Marine veteran gets help with home repairs in North Wales

Katherine Scott Image
Wednesday, November 28, 2018
Marine veteran gets help with home repairs in North Wales
Marine veteran gets help with home repairs in North Wales. Katherine Scott reports during Action News at 12:30 p.m. on November 28, 2018.

NORTH WALES, PA. (WPVI) -- A Marine Corps veteran and former Olympian in Montgomery County is getting the needed help for repairs at his home.

And when one non-profit that assists vets saw how much work needed to be done, they called others to help.

The roar of the chainsaw pierced the cold air outside this home in North Wales, volunteers making necessary repairs. Inside, 86-year-old Josh Culbreath, an Olympic bronze medalist, and a U.S. Marine Corps veteran.

"They volunteered when they saw my house was crumbling," he said.

It all started when John Notte of Warrior Heart heard about Dr. Culbreath.

"When I come across an individual I feel exemplifies a warrior heart I go ahead and feature their story, get them a patch or a t-shirt, and I try to do something nice for them. Sometimes it turns into a really big project," said Notte.

Notte contacted Home Depot, which brought in Habitat for Humanity, and from there a number of groups have come to donate time and resources.

Habitat for Humanity Caleb Derby said, "We just replaced his roof, gave him a heater because his heat wasn't working, he had mold overgrown everywhere."

It's quite a story, for a man with quite a story. Dr. Culbreath grew up in Norristown down the street from Tommy Lasorda. He served in the Marine Corp from 1956 to 58 and won a bronze medal in the 400-meter hurdles at the Olympics in Melbourne, Australia while on active duty.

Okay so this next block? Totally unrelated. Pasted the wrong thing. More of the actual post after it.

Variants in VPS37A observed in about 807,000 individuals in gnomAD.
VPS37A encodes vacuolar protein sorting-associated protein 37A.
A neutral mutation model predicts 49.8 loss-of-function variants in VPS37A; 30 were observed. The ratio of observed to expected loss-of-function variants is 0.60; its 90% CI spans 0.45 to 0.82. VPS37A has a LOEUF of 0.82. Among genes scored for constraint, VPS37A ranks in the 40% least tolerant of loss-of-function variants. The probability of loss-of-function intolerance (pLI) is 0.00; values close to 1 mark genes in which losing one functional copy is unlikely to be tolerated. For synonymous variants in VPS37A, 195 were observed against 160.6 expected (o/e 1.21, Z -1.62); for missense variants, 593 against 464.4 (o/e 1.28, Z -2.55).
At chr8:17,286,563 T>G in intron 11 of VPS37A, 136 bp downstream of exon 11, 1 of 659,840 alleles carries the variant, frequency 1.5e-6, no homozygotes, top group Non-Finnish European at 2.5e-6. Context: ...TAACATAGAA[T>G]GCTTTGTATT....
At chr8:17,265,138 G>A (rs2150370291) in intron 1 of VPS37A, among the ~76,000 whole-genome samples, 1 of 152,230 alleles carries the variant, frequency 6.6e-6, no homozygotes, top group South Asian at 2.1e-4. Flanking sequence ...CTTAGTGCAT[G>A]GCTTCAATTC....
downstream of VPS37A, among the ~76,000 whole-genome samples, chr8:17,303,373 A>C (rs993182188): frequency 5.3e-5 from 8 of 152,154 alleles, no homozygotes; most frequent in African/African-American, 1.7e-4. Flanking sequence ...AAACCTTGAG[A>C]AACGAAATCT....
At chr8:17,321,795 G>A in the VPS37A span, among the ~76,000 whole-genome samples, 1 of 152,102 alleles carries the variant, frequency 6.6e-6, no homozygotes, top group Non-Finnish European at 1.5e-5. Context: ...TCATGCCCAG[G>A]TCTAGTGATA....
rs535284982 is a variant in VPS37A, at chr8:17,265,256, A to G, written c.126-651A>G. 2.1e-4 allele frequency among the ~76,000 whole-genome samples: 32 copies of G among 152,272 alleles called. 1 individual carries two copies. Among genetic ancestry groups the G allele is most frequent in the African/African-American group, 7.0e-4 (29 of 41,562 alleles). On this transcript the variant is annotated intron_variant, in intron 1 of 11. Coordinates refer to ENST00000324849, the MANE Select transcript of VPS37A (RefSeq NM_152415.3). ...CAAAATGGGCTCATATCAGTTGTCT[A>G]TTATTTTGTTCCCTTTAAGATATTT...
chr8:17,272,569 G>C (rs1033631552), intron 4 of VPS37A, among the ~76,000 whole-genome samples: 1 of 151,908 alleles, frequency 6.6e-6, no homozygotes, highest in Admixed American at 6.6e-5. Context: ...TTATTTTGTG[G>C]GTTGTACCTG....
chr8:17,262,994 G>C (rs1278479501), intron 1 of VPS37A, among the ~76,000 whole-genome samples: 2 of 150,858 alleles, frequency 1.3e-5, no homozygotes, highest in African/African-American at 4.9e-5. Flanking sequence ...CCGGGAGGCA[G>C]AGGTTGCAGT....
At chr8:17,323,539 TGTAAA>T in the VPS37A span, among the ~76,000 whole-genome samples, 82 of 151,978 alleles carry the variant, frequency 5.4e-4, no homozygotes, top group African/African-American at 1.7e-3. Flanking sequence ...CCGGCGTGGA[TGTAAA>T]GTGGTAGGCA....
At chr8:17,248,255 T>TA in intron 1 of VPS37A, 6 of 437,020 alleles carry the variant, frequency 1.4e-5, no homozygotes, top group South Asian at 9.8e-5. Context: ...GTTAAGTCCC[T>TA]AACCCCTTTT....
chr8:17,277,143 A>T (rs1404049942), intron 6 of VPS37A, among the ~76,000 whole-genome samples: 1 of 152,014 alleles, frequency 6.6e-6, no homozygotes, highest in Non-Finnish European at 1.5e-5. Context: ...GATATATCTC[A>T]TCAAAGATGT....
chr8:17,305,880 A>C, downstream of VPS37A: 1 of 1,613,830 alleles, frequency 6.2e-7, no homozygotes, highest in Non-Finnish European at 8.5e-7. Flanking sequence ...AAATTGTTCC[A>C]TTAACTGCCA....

"I went through all my training that I normally would have done. I did want to be a Marine that had come there to become a runner. I was a Marine first of all," said Dr. Culbreath.

Dr. Culbreath was inducted into the U.S. Marine Corps Sports Hall of Fame, coached college track. He earned his Masters at Temple, and it was his work with special needs children that is perhaps the most meaningful to him.

"I love the underdog and I root for the underdog and I went with those who needed to help the most. My children learned how to read and write and they were told they would never learn to read or write," said Dr. Culbreath.

There are still some repairs to be done come springtime but most will be complete this week right in time for the holidays

For these volunteers, helping Dr. Culbreath is just one way to say thank you.

"There's a Navy Vet over there running the chain saw. I have a Vietnam Vet breaking gravel with me, and a lot of people chipping," said Notte.

For more information visit Awaken Your Warrior Heart.


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